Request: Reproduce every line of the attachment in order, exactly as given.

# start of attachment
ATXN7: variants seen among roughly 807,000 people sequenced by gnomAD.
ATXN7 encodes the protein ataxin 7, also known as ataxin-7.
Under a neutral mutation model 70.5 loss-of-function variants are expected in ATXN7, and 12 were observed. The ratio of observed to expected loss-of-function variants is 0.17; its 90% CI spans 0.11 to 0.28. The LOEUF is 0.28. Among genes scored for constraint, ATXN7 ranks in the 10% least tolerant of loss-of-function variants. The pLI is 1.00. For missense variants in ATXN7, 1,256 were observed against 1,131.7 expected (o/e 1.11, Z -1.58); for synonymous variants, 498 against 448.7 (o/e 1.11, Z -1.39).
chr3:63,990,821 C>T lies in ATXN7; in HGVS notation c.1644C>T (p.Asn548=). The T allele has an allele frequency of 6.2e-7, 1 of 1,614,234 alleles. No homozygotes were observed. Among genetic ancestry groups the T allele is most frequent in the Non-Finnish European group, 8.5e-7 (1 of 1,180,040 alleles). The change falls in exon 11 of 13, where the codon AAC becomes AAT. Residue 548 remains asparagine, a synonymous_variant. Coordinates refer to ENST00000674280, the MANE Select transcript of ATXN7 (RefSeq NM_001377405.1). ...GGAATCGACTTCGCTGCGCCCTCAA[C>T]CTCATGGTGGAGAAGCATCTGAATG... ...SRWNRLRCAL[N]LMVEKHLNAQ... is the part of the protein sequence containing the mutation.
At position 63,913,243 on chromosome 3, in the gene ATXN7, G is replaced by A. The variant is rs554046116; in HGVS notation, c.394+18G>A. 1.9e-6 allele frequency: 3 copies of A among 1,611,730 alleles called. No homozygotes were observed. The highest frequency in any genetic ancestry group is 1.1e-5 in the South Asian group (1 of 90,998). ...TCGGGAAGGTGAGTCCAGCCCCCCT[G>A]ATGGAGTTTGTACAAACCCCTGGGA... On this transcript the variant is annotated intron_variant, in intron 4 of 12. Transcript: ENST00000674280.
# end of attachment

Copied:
ATXN7: variants seen among roughly 807,000 people sequenced by gnomAD.
ATXN7 encodes the protein ataxin 7, also known as ataxin-7.
Under a neutral mutation model 70.5 loss-of-function variants are expected in ATXN7, and 12 were observed. The ratio of observed to expected loss-of-function variants is 0.17; its 90% CI spans 0.11 to 0.28. The LOEUF is 0.28. Among genes scored for constraint, ATXN7 ranks in the 10% least tolerant of loss-of-function variants. The pLI is 1.00. For missense variants in ATXN7, 1,256 were observed against 1,131.7 expected (o/e 1.11, Z -1.58); for synonymous variants, 498 against 448.7 (o/e 1.11, Z -1.39).
chr3:63,990,821 C>T lies in ATXN7; in HGVS notation c.1644C>T (p.Asn548=). The T allele has an allele frequency of 6.2e-7, 1 of 1,614,234 alleles. No homozygotes were observed. Among genetic ancestry groups the T allele is most frequent in the Non-Finnish European group, 8.5e-7 (1 of 1,180,040 alleles). The change falls in exon 11 of 13, where the codon AAC becomes AAT. Residue 548 remains asparagine, a synonymous_variant. Coordinates refer to ENST00000674280, the MANE Select transcript of ATXN7 (RefSeq NM_001377405.1). ...GGAATCGACTTCGCTGCGCCCTCAA[C>T]CTCATGGTGGAGAAGCATCTGAATG... ...SRWNRLRCAL[N]LMVEKHLNAQ... is the part of the protein sequence containing the mutation.
At position 63,913,243 on chromosome 3, in the gene ATXN7, G is replaced by A. The variant is rs554046116; in HGVS notation, c.394+18G>A. 1.9e-6 allele frequency: 3 copies of A among 1,611,730 alleles called. No homozygotes were observed. The highest frequency in any genetic ancestry group is 1.1e-5 in the South Asian group (1 of 90,998). ...TCGGGAAGGTGAGTCCAGCCCCCCT[G>A]ATGGAGTTTGTACAAACCCCTGGGA... On this transcript the variant is annotated intron_variant, in intron 4 of 12. Transcript: ENST00000674280.